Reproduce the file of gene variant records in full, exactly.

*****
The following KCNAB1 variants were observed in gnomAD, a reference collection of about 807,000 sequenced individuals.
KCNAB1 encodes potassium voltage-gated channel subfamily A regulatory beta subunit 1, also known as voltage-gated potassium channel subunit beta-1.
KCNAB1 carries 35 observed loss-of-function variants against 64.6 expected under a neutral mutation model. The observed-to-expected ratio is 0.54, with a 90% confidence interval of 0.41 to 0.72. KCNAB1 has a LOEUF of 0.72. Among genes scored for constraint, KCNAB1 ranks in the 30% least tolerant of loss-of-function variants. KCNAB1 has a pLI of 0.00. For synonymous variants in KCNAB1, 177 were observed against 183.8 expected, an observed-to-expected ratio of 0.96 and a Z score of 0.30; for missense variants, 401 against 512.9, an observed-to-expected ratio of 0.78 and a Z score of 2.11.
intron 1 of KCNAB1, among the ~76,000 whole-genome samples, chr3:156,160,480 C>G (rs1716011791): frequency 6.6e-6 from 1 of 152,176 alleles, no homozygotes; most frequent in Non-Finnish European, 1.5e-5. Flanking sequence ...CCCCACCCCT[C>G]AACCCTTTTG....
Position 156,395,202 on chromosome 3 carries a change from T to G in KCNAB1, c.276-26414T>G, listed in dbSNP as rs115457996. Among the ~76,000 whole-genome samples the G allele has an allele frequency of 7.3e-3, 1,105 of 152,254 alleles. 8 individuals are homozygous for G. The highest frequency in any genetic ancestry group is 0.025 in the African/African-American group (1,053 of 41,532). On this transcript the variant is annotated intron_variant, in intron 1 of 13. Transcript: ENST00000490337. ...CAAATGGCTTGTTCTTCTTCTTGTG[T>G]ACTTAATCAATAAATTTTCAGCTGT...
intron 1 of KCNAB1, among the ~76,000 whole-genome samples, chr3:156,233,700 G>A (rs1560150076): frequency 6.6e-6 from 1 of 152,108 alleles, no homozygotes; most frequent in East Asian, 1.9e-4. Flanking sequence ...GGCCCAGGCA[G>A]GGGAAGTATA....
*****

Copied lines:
The following KCNAB1 variants were observed in gnomAD, a reference collection of about 807,000 sequenced individuals.
KCNAB1 encodes potassium voltage-gated channel subfamily A regulatory beta subunit 1, also known as voltage-gated potassium channel subunit beta-1.
KCNAB1 carries 35 observed loss-of-function variants against 64.6 expected under a neutral mutation model. The observed-to-expected ratio is 0.54, with a 90% confidence interval of 0.41 to 0.72. KCNAB1 has a LOEUF of 0.72. Among genes scored for constraint, KCNAB1 ranks in the 30% least tolerant of loss-of-function variants. KCNAB1 has a pLI of 0.00. For synonymous variants in KCNAB1, 177 were observed against 183.8 expected, an observed-to-expected ratio of 0.96 and a Z score of 0.30; for missense variants, 401 against 512.9, an observed-to-expected ratio of 0.78 and a Z score of 2.11.
intron 1 of KCNAB1, among the ~76,000 whole-genome samples, chr3:156,160,480 C>G (rs1716011791): frequency 6.6e-6 from 1 of 152,176 alleles, no homozygotes; most frequent in Non-Finnish European, 1.5e-5. Flanking sequence ...CCCCACCCCT[C>G]AACCCTTTTG....
Position 156,395,202 on chromosome 3 carries a change from T to G in KCNAB1, c.276-26414T>G, listed in dbSNP as rs115457996. Among the ~76,000 whole-genome samples the G allele has an allele frequency of 7.3e-3, 1,105 of 152,254 alleles. 8 individuals are homozygous for G. The highest frequency in any genetic ancestry group is 0.025 in the African/African-American group (1,053 of 41,532). On this transcript the variant is annotated intron_variant, in intron 1 of 13. Transcript: ENST00000490337. ...CAAATGGCTTGTTCTTCTTCTTGTG[T>G]ACTTAATCAATAAATTTTCAGCTGT...
intron 1 of KCNAB1, among the ~76,000 whole-genome samples, chr3:156,233,700 G>A (rs1560150076): frequency 6.6e-6 from 1 of 152,108 alleles, no homozygotes; most frequent in East Asian, 1.9e-4. Flanking sequence ...GGCCCAGGCA[G>A]GGGAAGTATA....